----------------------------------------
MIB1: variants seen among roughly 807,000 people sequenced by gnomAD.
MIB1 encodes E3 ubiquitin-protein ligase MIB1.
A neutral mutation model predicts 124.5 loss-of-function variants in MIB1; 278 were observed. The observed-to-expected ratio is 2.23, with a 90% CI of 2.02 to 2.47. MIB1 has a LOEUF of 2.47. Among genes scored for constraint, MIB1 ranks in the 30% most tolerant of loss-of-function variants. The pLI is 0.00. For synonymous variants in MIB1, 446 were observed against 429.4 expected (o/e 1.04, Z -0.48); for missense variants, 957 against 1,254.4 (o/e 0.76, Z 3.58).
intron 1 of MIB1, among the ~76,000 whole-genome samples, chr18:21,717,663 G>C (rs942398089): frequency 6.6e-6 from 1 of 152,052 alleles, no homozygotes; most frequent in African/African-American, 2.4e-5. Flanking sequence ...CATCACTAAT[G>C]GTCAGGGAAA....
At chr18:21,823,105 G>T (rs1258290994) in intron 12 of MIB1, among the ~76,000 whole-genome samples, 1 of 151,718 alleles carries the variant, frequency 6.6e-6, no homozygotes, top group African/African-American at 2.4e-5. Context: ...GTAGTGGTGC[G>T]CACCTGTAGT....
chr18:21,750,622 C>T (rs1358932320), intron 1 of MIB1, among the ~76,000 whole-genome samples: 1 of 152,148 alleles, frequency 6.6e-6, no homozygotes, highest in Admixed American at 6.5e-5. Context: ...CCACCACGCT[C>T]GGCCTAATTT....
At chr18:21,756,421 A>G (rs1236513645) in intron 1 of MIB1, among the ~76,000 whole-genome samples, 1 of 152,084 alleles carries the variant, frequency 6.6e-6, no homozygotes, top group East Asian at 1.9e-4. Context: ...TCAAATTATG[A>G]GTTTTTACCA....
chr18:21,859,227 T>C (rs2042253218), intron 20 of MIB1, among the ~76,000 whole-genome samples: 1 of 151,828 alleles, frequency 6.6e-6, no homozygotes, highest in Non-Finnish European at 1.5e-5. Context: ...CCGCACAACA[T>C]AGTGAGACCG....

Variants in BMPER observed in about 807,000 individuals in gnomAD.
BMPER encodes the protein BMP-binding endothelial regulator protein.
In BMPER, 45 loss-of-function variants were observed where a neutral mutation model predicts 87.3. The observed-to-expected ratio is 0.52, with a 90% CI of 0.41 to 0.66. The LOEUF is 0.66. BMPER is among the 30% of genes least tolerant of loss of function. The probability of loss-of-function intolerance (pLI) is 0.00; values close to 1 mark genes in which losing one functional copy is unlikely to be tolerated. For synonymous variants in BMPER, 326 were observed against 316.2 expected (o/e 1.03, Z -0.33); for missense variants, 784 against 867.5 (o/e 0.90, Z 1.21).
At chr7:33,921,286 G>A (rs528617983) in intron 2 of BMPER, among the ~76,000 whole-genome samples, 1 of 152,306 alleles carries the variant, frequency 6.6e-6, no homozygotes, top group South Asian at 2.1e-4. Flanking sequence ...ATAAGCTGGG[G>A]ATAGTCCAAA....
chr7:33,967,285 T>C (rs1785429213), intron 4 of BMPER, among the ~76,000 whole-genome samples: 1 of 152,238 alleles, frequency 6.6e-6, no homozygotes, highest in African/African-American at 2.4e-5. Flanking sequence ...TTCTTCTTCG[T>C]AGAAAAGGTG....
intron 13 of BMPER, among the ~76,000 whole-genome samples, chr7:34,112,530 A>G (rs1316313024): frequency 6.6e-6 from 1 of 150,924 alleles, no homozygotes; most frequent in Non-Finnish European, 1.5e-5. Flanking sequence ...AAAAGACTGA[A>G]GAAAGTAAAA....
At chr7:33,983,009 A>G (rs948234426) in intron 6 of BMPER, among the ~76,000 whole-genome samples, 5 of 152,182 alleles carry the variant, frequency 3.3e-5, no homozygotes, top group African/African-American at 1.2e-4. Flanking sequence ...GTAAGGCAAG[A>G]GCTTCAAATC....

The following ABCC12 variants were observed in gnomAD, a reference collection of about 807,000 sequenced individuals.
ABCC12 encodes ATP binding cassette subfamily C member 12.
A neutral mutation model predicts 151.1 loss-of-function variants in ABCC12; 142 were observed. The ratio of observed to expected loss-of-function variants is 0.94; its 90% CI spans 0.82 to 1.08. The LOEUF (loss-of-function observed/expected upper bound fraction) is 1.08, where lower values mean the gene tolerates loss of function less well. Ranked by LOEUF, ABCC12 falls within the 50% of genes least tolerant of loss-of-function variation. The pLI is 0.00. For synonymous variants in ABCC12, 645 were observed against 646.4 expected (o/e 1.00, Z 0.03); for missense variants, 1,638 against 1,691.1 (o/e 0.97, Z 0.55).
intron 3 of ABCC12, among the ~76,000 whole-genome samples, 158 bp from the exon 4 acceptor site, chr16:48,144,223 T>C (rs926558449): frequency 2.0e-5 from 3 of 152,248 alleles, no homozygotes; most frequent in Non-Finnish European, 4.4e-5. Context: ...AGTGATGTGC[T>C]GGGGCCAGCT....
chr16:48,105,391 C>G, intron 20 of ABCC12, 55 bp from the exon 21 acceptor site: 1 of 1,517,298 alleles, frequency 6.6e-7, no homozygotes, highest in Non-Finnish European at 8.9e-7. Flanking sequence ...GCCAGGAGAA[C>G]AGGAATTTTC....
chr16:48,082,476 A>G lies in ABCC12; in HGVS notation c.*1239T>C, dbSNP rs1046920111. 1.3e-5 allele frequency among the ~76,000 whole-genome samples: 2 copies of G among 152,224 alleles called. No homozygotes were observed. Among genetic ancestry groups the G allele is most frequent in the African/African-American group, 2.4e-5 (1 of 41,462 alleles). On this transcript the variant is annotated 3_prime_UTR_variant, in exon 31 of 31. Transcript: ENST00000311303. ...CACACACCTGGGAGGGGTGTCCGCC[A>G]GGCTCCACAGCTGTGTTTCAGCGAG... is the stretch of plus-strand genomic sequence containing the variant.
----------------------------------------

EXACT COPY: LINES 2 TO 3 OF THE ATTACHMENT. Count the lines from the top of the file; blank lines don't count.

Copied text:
MIB1 encodes E3 ubiquitin-protein ligase MIB1.
A neutral mutation model predicts 124.5 loss-of-function variants in MIB1; 278 were observed. The observed-to-expected ratio is 2.23, with a 90% CI of 2.02 to 2.47. MIB1 has a LOEUF of 2.47. Among genes scored for constraint, MIB1 ranks in the 30% most tolerant of loss-of-function variants. The pLI is 0.00. For synonymous variants in MIB1, 446 were observed against 429.4 expected (o/e 1.04, Z -0.48); for missense variants, 957 against 1,254.4 (o/e 0.76, Z 3.58).